UberX share is a necessary evolution for a company that started off as an app for a private black car service, Macdonald said. It’s not just a matter of improving CX, but offering a more diverse set of customer experiences.

“The ability to go point to point on a solo ride, driven by somebody else, is a luxury product experience,” McDonald said. “The vast majority of our opportunity going forward involves structurally lowering costs. There’s a bunch of ways you can do that. You can put more people into small vehicles, more people into large vehicles, you can get more affordable vehicles, you can take excess network capacity and pair people up. And that’s what we’re doing.”

DoorDash also needs to diversity the experiences it offers, which in its case translates into having more merchants on its platform to offer a wider selection of meals. Andy Fang, one of the firm’s co-founders, told the Collision audience that being “customer obsessed” has been one of its guiding principles from the beginning. Those customers not only include the consumers ordering meals but the merchants themselves.

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This has led to the launch of services such as DoorDash Drive, which allows merchants to use its delivery fleet for orders that they sourced themselves. Storefront, meanwhile, is an e-commerce offering for merchants who don’t have the capability to build their own online ordering platforms.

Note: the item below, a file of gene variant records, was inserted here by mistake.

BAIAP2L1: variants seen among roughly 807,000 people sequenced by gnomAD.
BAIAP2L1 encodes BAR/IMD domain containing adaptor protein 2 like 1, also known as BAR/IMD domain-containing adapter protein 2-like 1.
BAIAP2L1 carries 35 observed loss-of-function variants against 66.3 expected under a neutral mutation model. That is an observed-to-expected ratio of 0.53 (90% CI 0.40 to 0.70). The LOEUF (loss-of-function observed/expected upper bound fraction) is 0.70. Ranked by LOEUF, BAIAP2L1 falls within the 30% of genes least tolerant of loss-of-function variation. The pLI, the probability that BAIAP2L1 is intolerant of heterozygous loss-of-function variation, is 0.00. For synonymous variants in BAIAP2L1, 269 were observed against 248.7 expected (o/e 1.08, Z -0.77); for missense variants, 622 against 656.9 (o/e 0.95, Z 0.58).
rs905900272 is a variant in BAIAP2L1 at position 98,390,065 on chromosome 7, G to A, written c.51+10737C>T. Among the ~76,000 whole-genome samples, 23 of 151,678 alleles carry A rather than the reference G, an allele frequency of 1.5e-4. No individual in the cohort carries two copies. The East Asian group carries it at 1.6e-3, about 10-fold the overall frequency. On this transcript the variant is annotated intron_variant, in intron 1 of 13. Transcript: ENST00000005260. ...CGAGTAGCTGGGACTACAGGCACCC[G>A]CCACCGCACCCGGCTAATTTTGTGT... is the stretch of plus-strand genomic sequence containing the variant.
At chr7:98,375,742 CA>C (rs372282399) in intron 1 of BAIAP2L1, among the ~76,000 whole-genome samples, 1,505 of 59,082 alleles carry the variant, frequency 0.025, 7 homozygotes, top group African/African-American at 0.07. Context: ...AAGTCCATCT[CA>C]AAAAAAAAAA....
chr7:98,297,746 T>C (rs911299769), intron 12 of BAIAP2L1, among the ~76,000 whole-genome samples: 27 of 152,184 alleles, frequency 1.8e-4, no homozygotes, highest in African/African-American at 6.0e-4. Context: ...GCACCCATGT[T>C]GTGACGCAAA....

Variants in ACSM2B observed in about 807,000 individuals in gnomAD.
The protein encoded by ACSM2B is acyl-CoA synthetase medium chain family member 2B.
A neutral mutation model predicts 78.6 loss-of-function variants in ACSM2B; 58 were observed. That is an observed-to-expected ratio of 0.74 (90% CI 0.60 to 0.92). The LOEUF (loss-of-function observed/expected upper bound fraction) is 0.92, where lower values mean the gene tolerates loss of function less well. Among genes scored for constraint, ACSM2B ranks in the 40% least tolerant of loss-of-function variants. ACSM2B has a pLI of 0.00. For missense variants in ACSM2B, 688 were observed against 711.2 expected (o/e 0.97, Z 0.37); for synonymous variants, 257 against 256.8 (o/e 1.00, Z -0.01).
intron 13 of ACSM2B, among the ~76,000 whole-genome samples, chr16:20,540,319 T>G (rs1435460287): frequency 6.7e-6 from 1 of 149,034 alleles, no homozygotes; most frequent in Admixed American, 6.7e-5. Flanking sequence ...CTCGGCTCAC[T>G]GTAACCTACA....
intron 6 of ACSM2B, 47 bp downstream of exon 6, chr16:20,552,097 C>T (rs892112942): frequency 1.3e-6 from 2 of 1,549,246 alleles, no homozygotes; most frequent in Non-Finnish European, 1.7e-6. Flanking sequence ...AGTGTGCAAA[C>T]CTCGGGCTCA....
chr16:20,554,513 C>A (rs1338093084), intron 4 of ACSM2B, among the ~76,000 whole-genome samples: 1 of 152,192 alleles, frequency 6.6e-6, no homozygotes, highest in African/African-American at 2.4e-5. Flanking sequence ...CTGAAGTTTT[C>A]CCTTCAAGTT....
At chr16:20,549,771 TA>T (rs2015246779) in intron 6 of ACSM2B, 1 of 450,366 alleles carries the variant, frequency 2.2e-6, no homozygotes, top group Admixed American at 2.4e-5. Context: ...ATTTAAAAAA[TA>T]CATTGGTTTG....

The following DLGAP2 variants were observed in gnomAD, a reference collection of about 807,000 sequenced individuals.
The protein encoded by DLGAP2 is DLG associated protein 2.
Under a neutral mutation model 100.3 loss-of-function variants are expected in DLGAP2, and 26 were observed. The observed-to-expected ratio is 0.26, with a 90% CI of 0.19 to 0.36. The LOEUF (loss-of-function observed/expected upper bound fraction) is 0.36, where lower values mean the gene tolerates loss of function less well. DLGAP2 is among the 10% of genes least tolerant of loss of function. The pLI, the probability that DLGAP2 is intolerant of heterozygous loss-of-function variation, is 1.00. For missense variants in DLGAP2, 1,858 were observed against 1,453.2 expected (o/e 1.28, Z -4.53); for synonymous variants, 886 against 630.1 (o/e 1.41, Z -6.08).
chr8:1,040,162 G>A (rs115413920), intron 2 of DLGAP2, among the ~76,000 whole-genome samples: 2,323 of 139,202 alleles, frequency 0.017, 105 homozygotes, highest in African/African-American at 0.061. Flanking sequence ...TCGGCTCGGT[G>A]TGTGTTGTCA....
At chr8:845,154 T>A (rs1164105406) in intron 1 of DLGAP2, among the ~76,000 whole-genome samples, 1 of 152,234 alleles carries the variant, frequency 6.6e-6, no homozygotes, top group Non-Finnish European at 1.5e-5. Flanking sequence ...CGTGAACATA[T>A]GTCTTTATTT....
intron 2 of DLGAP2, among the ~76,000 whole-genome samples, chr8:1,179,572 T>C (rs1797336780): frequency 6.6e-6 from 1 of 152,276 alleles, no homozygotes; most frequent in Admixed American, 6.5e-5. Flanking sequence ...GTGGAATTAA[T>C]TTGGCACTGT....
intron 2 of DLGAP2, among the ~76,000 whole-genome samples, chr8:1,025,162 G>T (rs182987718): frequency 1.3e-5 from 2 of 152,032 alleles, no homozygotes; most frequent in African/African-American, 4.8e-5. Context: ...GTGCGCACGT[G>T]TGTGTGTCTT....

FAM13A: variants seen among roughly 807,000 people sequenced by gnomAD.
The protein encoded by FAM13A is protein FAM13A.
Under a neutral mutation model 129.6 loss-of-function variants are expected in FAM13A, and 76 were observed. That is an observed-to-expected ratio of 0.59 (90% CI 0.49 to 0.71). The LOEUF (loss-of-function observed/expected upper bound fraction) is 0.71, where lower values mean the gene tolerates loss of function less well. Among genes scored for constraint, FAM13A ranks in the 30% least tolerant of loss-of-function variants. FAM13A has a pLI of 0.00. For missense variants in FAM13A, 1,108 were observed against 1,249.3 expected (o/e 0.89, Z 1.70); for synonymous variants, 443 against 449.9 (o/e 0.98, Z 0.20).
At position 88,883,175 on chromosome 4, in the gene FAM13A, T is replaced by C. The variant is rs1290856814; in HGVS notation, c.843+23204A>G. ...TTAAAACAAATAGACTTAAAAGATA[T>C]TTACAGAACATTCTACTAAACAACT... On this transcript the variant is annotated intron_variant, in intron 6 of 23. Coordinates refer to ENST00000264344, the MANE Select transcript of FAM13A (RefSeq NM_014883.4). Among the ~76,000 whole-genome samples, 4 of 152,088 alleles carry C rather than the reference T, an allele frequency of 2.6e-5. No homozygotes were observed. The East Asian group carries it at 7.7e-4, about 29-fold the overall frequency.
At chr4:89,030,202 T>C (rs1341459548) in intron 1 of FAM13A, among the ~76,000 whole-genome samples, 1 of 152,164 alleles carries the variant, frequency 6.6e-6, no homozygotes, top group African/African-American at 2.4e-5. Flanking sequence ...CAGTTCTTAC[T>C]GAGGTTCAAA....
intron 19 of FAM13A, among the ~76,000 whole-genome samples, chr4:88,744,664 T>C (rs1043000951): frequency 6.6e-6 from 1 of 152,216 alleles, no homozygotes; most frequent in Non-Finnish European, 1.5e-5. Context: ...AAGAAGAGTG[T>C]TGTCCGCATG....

“Building products that they were asking for really helped fuel our growth and showed an appreciation for customers, even in the early years and even heading into today,” Fang said.

Making it magical

Powell has been doing similar work for her host customers at Airbnb, such as reducing the process of setting up a listening to 10 steps. Right now, she said about 40 per cent of Airbnb hosts are using income from the spaces they rent as a way to make ends meet, so along with simplified processes and tools, two-way dialogue similar to a voice of the customer program has become critical.

“We have workshops every week, listening to what their needs are,” she said. “And then my job is to go back and talk to the my product partners and say look, we need to create these products, or we need to share these insights, or we need to change this policy to make it easier for them to host.”

Pleasing the B2B customer – such as hosts, Uber drivers or DoorDash merchants – won’t mean much if consumers aren’t impressed with the experience they get. Macdonald said as much as Uber sees to move from being used weekly, monthly or occasionally to daily.

“It’s not enough for us to add transportation verticals. We have to make them meaningful,” he said. “If we’re going to launch peer to peer car sharing in place of a rental car or in place of individual car ownership, it has to be better on Uber than any other option in the market. It has to be magical — that same sort of core magic from the early days of Uber, was which was pushing a button and a car shows up. And people are like, ‘Wow, that’s unbelievable.’”